When most women envision their birth day, there’s usually a hospital or birthing center in the background. But what about a home birth?
Many studies show that giving birth at home or in a birth center with a skilled midwife is equally safe to giving birth in the hospital in terms of the outcomes of mothers and babies. The big difference is that women who give birth at home or in a birth center will have lower rates of medical intervention as compared to their low-risk counterparts giving birth in the hospital.
Here’s 8 advantages of giving birth right in the comfort of your own home.
- All of your pregnancy visits are at home and they are often close to an hour. When you are pregnant, there is nothing more delightful than having your midwife come to you for a long visit, as most do. With the average OB pregnancy appointment topping out at six minutes in the U.S., this is a huge point.
- You get to hand-select who will attend your birth. Do you want 10 of your closest friends and family there to support you? Great. Do you want just your partner and your midwife and doula? Fine. There are no unknown care providers, students, nurses or visitors.
- In labor, you don’t have to get dressed, walk out your door, hail a cab, talk to lots of medical staff, spend time in a waiting room, or listen to other women who are in labor.
- You have your bed, your shower, your stuff, your blankets, your…you get the idea. You are in your home where you feel safe and comfortable, and this non-clinical environment encourages you to birth your way.
- You have Freedom of Movement, which is Lamaze care principle #2. Women allowed freedom of movement during labor have a greater sense of control, decrease requests for pain medication and may have shortened labor.
- The midwife will use a handheld Doppler to monitor your baby’s heart-rate. This means no wires and machines to hook up to, which means more Freedom of Movement.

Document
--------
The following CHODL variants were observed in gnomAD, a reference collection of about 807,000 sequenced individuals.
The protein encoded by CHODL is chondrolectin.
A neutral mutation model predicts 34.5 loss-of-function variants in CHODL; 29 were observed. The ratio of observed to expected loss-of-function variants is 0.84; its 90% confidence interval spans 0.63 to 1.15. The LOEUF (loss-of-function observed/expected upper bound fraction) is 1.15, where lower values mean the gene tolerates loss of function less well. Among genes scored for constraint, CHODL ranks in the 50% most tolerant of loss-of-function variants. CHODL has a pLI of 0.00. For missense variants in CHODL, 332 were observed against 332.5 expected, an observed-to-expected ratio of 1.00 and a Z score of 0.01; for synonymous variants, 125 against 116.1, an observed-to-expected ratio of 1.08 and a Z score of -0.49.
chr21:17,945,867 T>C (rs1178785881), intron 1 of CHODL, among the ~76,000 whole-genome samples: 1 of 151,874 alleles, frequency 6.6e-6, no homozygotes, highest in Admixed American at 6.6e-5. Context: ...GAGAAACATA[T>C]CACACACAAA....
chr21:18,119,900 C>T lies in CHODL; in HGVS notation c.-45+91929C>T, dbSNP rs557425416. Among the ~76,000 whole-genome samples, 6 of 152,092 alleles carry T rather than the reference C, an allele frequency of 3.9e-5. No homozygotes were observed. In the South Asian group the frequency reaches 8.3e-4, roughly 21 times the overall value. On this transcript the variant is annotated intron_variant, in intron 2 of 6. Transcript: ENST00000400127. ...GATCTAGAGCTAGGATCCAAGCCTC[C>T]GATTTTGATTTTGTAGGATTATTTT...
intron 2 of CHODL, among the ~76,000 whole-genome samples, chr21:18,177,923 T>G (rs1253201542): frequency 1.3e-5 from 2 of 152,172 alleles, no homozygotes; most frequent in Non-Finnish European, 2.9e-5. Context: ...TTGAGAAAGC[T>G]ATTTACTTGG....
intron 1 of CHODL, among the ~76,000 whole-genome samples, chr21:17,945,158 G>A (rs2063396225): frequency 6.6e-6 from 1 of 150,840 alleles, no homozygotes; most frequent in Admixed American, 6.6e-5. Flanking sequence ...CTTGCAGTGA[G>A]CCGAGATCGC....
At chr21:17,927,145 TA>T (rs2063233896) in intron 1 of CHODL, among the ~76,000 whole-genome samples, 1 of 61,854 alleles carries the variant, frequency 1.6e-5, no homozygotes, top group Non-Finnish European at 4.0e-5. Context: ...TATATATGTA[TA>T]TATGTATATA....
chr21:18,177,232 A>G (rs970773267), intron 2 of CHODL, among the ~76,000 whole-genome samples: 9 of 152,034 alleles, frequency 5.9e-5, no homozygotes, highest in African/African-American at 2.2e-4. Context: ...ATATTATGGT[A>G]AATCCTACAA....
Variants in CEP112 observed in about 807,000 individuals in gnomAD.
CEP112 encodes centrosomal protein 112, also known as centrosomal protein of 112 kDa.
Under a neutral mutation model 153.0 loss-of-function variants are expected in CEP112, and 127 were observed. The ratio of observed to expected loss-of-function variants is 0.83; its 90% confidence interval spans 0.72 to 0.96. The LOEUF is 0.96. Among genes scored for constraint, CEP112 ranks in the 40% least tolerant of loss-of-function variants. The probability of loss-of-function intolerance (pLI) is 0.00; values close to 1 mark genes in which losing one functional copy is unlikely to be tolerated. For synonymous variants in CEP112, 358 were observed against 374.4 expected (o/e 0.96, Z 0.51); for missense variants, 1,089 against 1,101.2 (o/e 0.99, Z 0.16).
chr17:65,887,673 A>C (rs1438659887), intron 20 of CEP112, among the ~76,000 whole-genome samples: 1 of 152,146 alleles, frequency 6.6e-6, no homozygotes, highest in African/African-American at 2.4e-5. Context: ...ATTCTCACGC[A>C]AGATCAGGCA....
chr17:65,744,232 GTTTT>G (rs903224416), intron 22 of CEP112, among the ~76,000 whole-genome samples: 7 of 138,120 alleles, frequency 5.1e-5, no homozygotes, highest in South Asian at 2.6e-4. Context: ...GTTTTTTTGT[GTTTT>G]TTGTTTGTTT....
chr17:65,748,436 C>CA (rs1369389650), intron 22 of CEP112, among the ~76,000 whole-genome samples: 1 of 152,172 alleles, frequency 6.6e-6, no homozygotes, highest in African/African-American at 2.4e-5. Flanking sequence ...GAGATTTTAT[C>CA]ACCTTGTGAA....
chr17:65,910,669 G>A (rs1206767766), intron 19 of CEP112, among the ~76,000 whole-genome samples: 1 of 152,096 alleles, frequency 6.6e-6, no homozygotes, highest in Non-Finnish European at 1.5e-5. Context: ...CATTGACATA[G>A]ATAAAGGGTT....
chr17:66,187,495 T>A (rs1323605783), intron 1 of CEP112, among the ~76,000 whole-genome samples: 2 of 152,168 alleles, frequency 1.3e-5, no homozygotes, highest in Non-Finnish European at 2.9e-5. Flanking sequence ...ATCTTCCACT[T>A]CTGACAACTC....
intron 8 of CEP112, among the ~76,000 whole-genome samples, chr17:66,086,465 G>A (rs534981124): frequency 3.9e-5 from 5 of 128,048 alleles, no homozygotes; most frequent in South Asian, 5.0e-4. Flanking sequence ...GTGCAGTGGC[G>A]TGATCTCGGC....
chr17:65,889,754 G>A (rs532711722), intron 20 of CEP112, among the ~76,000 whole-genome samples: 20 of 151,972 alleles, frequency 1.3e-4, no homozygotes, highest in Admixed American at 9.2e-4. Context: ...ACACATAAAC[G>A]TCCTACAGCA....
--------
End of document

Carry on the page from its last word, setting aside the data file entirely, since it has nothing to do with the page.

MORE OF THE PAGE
- Home birth midwives believe that birth is a normal process. They are patient. They know birth can take a long time and in many positions. They only intervene when medically necessary. Working with a home birth midwife may lower your chances of needing an IV, a Cesarean, episiotomy, forceps or vacuum suction. These things still can occur during childbirth, even when planned at home. A woman needing any of this medical support will be transferred to the hospital during labor.
- No need to figure out how to transport your baby home from the hospital. No medical staff will try to take your baby away from you. No one will wake you up all night, and you won’t have any roommate (or her whole family!) to contend with.
Is a home birth for you?
To give birth at home you should:
- Be low-risk during pregnancy and throughout the delivery.
- Desire to give birth with as little medical intervention as possible, including epidurals and other pharmacological pain medications.
- Believe that home is the safest and best place of birth for you, and be prepared that some friends and family may not be as supportive as you’d like.
- Be comfortable with that fact that in order to keep your birth as safe as possible, your midwife may require that you transfer to the hospital to give birth.